daylight saving time ontario

Ontario just passed a bill to make Daylight Saving Time permanent

The Province of Ontario just took a major step forward in its pursuit to end our widely-reviled biannual clock change ritual once and for all.

Now, all we need is for Quebec and the State of New York to play along.

A private members bill called "The Time Amendment Act," tabled by Ottawa West-Nepean MPP Jeremy Roberts, passed its third and final reading within the legislature on Wednesday with unanimous support.

The passing of Bill 214 effectively paves the way for government officials to end the practice of forcing us to "spring forward" and "fall back" by an hour every March and November, respectively.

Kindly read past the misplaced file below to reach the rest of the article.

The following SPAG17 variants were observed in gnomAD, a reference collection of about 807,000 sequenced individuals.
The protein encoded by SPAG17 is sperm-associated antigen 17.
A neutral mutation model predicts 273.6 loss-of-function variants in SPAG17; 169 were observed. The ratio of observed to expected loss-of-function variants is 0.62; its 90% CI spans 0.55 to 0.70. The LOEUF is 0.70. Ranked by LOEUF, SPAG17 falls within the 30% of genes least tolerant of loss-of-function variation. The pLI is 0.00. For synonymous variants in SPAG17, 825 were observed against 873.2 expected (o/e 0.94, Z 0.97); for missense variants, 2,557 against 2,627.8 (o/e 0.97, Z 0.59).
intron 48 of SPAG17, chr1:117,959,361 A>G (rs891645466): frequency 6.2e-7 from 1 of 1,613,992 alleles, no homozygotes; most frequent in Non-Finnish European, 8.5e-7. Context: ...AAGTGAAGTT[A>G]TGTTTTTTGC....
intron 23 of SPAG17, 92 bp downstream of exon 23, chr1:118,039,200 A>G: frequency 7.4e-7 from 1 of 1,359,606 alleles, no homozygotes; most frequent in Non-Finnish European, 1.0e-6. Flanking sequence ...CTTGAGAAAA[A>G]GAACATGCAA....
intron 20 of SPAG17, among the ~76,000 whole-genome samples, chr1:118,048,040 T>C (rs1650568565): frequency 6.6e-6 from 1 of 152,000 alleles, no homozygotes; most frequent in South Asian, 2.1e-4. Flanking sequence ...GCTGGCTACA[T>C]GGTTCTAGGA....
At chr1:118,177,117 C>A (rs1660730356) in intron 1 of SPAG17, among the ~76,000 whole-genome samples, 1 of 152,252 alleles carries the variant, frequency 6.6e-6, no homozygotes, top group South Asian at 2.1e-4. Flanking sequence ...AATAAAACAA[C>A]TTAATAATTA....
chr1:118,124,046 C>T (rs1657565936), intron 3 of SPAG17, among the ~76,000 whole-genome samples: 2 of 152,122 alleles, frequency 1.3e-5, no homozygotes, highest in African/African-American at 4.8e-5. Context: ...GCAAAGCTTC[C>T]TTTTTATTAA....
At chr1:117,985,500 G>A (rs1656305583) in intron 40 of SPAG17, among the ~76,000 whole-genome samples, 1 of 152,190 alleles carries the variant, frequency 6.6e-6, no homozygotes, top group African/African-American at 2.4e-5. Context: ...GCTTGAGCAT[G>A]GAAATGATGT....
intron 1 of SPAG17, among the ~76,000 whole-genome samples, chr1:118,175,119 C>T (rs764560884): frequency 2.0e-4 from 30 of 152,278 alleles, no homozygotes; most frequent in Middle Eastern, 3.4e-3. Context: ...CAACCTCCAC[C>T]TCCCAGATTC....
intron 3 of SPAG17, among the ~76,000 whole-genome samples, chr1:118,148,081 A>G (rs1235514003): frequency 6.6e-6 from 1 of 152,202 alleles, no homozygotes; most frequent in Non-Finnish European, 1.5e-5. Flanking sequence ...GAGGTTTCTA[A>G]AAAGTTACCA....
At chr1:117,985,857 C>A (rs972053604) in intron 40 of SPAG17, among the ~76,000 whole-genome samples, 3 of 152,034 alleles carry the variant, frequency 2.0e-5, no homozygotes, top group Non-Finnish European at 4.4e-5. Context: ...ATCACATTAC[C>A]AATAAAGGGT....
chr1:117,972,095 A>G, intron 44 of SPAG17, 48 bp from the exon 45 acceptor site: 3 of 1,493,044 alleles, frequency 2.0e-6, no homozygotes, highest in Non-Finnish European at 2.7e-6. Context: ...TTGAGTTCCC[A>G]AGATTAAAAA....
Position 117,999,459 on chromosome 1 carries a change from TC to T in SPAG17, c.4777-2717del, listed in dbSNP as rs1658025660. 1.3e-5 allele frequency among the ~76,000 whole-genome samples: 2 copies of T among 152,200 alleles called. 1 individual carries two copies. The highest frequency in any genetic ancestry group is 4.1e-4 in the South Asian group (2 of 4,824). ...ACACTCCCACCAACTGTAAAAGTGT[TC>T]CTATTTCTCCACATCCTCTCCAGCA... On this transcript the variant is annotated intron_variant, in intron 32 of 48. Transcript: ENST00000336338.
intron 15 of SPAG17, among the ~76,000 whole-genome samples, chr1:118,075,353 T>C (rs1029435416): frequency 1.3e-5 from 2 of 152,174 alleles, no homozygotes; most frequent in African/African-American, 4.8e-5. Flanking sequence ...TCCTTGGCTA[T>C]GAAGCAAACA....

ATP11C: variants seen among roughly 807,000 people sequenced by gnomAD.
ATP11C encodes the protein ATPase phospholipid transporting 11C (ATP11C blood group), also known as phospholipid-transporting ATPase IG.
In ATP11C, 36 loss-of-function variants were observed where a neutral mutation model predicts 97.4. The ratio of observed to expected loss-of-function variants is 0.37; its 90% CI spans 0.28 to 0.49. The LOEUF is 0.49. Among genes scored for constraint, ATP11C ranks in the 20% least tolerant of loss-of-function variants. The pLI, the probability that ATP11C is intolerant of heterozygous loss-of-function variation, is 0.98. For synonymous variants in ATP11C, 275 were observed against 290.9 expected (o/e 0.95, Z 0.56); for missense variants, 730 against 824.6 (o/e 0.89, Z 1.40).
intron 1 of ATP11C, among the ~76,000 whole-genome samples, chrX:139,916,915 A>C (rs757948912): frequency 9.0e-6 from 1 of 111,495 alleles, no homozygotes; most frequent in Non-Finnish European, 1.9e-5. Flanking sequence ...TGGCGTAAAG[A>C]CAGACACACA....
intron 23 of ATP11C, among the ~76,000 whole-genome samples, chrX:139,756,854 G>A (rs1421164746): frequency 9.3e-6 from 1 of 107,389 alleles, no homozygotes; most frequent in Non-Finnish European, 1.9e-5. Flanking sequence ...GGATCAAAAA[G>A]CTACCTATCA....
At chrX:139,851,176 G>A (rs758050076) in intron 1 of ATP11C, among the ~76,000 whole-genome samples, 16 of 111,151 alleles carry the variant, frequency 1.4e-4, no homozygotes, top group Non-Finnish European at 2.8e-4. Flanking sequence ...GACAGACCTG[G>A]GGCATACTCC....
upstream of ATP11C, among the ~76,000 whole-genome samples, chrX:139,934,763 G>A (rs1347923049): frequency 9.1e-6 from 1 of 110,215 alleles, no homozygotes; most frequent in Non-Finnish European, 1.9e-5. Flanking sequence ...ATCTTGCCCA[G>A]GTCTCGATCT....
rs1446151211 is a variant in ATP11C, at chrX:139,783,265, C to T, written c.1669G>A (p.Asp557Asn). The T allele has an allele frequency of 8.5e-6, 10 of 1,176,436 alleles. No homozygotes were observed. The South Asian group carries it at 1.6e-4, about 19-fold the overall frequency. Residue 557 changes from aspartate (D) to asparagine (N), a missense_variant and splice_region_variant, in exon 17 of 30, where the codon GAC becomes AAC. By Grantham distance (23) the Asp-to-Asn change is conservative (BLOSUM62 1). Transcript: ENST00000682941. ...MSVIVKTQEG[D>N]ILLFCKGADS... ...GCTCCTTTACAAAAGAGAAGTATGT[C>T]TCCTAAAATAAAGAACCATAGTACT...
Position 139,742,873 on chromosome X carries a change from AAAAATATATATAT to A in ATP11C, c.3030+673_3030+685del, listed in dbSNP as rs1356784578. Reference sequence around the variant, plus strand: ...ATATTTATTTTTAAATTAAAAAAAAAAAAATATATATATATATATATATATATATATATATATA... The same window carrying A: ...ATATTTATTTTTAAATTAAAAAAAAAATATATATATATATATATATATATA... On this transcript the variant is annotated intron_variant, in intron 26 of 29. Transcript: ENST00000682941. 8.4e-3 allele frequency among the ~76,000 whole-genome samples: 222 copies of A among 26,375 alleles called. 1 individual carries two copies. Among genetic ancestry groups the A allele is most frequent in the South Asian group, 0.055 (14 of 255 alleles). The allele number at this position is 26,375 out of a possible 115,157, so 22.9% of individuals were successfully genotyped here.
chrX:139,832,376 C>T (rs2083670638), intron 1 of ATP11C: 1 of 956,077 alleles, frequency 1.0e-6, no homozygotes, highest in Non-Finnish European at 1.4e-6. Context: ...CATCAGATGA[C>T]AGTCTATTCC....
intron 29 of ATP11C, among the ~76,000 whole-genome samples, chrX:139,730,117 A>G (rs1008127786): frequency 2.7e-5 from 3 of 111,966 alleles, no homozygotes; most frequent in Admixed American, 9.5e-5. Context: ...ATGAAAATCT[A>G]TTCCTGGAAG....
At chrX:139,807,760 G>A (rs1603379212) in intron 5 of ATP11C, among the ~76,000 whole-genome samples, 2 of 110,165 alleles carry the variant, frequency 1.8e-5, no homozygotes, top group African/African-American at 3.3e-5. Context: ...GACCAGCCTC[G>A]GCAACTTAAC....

No more hellish loop of scheduled mass disorientation twice a year; just a consistent, 24-hour clock for our circadian rhythms to sync with.

Under the legislation as written, Ontario would remain on Daylight Saving time permanently, eliminating the 4:30 p.m. sunsets we're currently experience during what is now known as Standard Time.

Unfortunately, despite having full support from the legislature, the bill still requires Royal Assent before turning into law — and the province's Attorney General has only agreed to do this alongside neighbouring jurisdictions Quebec and New York.

Still, this marks a significant development after years of kicking the idea around based on academic studies that suggest these bi-annual clock changes can have serious negative impacts (increased depression rates, heart attacks, strokes and high numbers of fatal collisions among them, according to Roberts.)

"I am thrilled that tonight my bill ending the time change in Ontario passed through final reading with unanimous support," said the MPP spearheading the move in a statement on Wednesday.

"Ontario is now poised to lead the way on ending this outdated practice."

Lead photo by

Swag Photography


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